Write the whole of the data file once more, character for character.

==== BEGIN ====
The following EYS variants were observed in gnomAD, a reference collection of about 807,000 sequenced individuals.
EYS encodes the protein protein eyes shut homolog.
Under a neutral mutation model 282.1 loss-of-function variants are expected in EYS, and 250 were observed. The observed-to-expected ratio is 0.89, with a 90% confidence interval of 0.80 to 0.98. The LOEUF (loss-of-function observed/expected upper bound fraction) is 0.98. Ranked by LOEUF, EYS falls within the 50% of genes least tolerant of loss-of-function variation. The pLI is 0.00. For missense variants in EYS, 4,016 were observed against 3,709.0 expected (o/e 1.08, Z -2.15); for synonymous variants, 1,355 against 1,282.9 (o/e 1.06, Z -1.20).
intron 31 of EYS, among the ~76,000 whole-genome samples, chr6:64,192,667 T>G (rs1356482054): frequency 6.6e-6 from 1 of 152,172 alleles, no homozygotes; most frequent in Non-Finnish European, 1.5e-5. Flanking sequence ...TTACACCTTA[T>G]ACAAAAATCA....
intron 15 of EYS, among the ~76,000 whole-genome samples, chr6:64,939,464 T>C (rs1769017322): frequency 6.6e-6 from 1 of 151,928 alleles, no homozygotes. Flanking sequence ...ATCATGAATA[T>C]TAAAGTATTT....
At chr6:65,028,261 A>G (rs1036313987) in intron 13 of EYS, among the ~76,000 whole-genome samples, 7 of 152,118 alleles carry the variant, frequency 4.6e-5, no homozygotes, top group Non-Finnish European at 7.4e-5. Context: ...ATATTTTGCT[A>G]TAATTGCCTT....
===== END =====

The following EYS variants were observed in gnomAD, a reference collection of about 807,000 sequenced individuals.
EYS encodes the protein protein eyes shut homolog.
Under a neutral mutation model 282.1 loss-of-function variants are expected in EYS, and 250 were observed. The observed-to-expected ratio is 0.89, with a 90% confidence interval of 0.80 to 0.98. The LOEUF (loss-of-function observed/expected upper bound fraction) is 0.98. Ranked by LOEUF, EYS falls within the 50% of genes least tolerant of loss-of-function variation. The pLI is 0.00. For missense variants in EYS, 4,016 were observed against 3,709.0 expected (o/e 1.08, Z -2.15); for synonymous variants, 1,355 against 1,282.9 (o/e 1.06, Z -1.20).
intron 31 of EYS, among the ~76,000 whole-genome samples, chr6:64,192,667 T>G (rs1356482054): frequency 6.6e-6 from 1 of 152,172 alleles, no homozygotes; most frequent in Non-Finnish European, 1.5e-5. Flanking sequence ...TTACACCTTA[T>G]ACAAAAATCA....
intron 15 of EYS, among the ~76,000 whole-genome samples, chr6:64,939,464 T>C (rs1769017322): frequency 6.6e-6 from 1 of 151,928 alleles, no homozygotes. Flanking sequence ...ATCATGAATA[T>C]TAAAGTATTT....
At chr6:65,028,261 A>G (rs1036313987) in intron 13 of EYS, among the ~76,000 whole-genome samples, 7 of 152,118 alleles carry the variant, frequency 4.6e-5, no homozygotes, top group Non-Finnish European at 7.4e-5. Context: ...ATATTTTGCT[A>G]TAATTGCCTT....